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great Ionic columns support the lofty roof of the portico that extends across the main portion of the house. At one side a long wing is taken up by the dining-room, the breakfast-room and the pantries, while in the basement are the kitchens and various offices. On the second floor of the wing are ample provisions for the nurseries and for the quarters of the house servants. The interior adornment of the house, which was at that time said to be the handsomest in Pennsylvania, was most elaborate. Delicately carved marble mantelpieces were cause for proper pride. The walls were hung with paper brought from France and along the halls and opposite the nurseries was a full portrayal in colours of Polonius giving advice to his son.

The dining-room is of truly generous proportions, and had need to be for the lavish entertaining that was done there. It was no unusual thing for fifty people to sit down to dinner and on the occasion of Doctor Wetherill's birthday parties in February sometimes as many as eighty guests would take their places at the table. Open-handed hospitality was ever the rule at Fatland and was not confined exclusively to the personal friends and acquaintances of the owner. When the Wetherill Blues, a military body named in honour of Doctor Wetherill who had organised it, were mustered out after the Civil War they were so unstintedly fêted at Fatland that for two weeks echoes of good cheer were ringing through the countryside. Not very far from the house, at the edge of the woods, are the Bakewell graves—Mr. Bakewell though buried at first in Philadelphia was afterward laid beside his wife

and around them are the graves of the Free Quakers whose bodies were removed thither—when the burying ground on Fifth Street near Locust was devoted to other purposes and placed in a plot designated for that purpose by Colonel John Wetherill to whom the estate passed in 1872 upon the death of his father Doctor Wetherill. Fatland has been in its day one of the most noted and notable seats in the region about Philadelphia and even now after many years of tenancy by only caretakers, the present owner not electing to live there, it has preserved its stately charm and grace and only needs trifling repairs and the gardener's pruning knife and grubbing hoe to place it once more among the foremost plantations of the day.



UT a stone's throw from Fatland's gate along the road from Pawling's Bridge, is the lane turning into Mill Grove, a place filled with memories of Audubon and sacred to all birdlovers and naturalists. A short drive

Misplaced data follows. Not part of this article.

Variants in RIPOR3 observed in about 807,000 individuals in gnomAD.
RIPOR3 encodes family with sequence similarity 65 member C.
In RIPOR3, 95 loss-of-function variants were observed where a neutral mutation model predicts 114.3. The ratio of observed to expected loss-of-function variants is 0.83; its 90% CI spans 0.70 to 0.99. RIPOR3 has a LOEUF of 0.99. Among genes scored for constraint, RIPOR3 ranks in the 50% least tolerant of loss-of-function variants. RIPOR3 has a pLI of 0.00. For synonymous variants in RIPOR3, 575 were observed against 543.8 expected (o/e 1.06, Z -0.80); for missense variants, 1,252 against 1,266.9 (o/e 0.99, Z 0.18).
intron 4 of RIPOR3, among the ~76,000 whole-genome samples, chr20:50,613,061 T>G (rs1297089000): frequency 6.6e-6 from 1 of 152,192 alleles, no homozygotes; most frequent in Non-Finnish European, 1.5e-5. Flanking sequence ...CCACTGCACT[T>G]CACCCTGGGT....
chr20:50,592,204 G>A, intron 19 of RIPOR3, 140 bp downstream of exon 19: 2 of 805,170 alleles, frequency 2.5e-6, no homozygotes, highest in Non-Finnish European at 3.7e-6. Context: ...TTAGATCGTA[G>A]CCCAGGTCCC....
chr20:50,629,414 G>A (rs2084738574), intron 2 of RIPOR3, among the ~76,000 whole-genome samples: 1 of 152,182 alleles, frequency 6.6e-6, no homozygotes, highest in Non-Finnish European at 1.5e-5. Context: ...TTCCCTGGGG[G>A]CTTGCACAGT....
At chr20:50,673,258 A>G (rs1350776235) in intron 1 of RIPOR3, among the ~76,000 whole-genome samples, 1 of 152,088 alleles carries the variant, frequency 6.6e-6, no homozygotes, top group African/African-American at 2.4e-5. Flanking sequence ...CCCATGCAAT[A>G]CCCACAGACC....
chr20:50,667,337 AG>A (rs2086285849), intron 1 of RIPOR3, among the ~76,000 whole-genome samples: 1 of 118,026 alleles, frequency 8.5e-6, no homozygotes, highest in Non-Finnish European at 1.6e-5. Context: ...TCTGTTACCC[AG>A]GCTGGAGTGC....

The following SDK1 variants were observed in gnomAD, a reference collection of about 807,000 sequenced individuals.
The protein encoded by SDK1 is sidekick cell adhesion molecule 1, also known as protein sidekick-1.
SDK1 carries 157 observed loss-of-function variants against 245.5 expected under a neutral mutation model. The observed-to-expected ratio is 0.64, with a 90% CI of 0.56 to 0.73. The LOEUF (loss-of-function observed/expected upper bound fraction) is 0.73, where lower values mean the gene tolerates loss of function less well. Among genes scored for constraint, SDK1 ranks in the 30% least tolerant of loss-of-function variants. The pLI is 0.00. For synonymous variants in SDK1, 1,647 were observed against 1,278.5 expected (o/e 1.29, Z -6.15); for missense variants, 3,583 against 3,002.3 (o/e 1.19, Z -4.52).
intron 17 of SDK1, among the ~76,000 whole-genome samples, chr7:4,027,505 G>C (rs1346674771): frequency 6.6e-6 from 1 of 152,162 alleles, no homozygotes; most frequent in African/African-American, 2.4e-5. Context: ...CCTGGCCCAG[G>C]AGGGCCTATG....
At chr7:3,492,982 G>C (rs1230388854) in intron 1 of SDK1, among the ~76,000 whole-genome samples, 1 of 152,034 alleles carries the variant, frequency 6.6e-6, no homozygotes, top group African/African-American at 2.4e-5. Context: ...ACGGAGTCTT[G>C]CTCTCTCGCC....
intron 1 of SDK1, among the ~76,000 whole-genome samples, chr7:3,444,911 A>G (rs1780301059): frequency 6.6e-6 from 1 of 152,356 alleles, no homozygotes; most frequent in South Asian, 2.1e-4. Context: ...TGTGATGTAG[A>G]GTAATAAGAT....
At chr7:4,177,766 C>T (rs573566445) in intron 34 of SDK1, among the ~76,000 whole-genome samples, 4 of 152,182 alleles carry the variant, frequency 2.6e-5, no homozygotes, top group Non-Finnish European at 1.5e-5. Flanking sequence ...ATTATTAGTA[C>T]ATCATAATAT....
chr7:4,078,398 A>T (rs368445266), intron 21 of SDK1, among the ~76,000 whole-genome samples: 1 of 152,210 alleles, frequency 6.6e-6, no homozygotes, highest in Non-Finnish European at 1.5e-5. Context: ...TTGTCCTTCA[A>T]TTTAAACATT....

down this lane brings us to the house perched on the western slope of a steep hill overhanging the Perkiomen, which sweeps by at the foot of the declivity. Beyond the creek, broad meadows open out, while the hither bank grows more and more precipitous with a dense wood hanging at its summit.

Mill Grove House, built foursquare of native, tawny, rough-hewn stone, a good plain farmhouse of massive masonry without architectural pretensions, is just such as a sturdy yeoman might be expected to build in the midst of his fields. A thick mantling of English ivy clings to the walls and knits the fabric to surrounding nature. Through the midst of the house runs a hall on each side of which there are two large rooms. The same arrangement is repeated abovestairs and again in the attic.

Since William Penn's original grant of this tract in 1699, the land has had many owners, including Colonel Edward Farmer of White Marsh, the Morrises and Lewises, and at one time Governour John Penn and his wife. In 1762, a year of unusual building activity in

Colonial annals, James Morgan of Durham Furnace connexion in Bucks, built the house, as a date stone in the apex of the gable attests, and in 1765 added the small kitchen wing at one end. His brother, Thomas Morgan, for a season conducted the house as a hostelry. In 1771 Rowland Evans, James Morgan's partner in the mill interests, from which the place took its name, bought the property and sold it five years later to Governour John Penn. From Penn and his wife it passed through several hands until Augustin Prevost sold it in 1789 to John Audubon (the admiral] father of John James LaForest Audubon, the ornithologist, who gave Mill Grove name and fame.

Sent from San Domingo or Louisiana to France to be educated for the navy that he might follow his father's footsteps, young Audubon showed himself singularly unfitted by disposition and talents for that profession, and it became quite plain that his bent lay wholly in the direction of art and natural history. After a course of education in which he seems to have profited chiefly by his instruction in music and drawing, his father, seeing that it was useless to press the naval calling, permitted him to come and live at his Mill Grove farm where he was free to indulge to the full his passion for outdoor life.

Thither, then, he came about 1797 and roamed the fields and woods, gun in hand, in search of specimens, drew, rode horseback or played his fiddle—he was a proficient musician—as fancy dictated. Besides his devotion to drawing and bird studies, he had a passion for

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